Droves of customers stampeding through large department stores on Black Friday was once a uniquely American phenomena. But the traditional day-after Thanksgiving shopping sale event has recently gained traction in other countries that have no connection to the American holiday. The insatiable consumerism that fuels American capitalism, it seems, is a more viable export than ever.
Black Friday has caught on big in Europe the last few years, despite grumblings about the marketing madness from local critics of the American model. Large U.S.-based multinationals, like Amazon, have undoubtedly accelerated the spread, with online shopping convenience for what is otherwise a regular working day in the rest of the world.
But this year, there looks to be the first tangible backlash. In Europe, where workers tend to enjoy greater social protections, the frenetic drive to increase sales at all costs — online and off — is being met with resistance. Labor unions in Germany and Italy chose to target both Black Friday and Amazon plants this year with strikes to undermine one of the busiest sales days of the year.
"Employees need to perform their best on Black Friday in the service of Jeff Bezos Amazon's founder and the customers," Ronny Streich, a strike leader in Leipzig, told the German daily newspaper Süddeutsche Zeitung. "And all this under working conditions that make you sick in the long run."
Amazon represents "a new model of exploitation" of workers around the world, Daniele Boroli, an Italian senator from the center-left Democrat party, told the Rome-based La Repubblica. Francesca Benedetti, a union leader at an Amazon plant in northern Italy, concurred, stating further that the joint strike in two European countries "gives even more value" to the protest. "It shows that it isn't just our site that has problems with this company," she said. "All around the world Amazon creates work conditions that are absolutely not compatible with our culture of protection" for workers.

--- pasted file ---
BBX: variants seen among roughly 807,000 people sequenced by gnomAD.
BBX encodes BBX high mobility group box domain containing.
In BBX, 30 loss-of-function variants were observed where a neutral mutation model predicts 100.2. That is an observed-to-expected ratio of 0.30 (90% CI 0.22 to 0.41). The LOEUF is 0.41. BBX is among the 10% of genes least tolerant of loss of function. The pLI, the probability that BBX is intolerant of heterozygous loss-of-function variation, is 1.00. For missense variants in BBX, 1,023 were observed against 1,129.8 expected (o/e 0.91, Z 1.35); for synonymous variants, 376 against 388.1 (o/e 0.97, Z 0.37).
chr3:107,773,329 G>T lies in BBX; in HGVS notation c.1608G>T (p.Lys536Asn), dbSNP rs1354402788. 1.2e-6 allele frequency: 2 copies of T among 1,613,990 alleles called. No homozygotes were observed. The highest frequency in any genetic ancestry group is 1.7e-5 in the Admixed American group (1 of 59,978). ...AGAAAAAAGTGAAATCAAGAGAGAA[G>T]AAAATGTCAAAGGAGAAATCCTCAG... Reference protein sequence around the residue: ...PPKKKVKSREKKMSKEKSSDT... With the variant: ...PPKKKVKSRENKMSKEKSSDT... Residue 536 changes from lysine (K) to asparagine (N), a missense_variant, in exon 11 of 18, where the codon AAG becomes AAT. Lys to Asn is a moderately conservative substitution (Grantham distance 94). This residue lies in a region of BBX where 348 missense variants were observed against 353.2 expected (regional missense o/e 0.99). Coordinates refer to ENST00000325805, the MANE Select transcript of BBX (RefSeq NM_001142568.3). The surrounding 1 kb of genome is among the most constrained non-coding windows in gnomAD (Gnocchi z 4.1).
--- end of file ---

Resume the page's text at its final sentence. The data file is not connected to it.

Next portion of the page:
The tension is not just a question of worker's rights, however. Several countries and large cities have sought to protect entire industries from creeping American-led, digitally-driven neoliberalism. Transportation network companies like Uber and Lyft have faced opposition from entrenched taxi industry interests in European countries. At the same time, local competitors in markets such as Russia and China pose another challenge to the U.S.-based leaders.
The American "economic way of life" dominated throughout much of the 20th century, capped by the fall of Communism in 1989. Will the explosion of Silicon Valley over the past two decades mean a sequel in this century? Steven Hill, an economist and author of Raw Deal: How the "Uber Economy" and Runaway Capitalism Are Screwing American Workers, has his doubts, pointing to Uber's troubles as a good example of how success may not last. Speaking this week with the French daily Le Monde, Hill said the digitally connected economy "threatens the economic model that was successfully implemented after World War II by Europe and the United States. The biggest threat is in the way that people work and the future of work itself." A thought for Americans enjoying their holiday, and for the rest of us busy shopping at the office.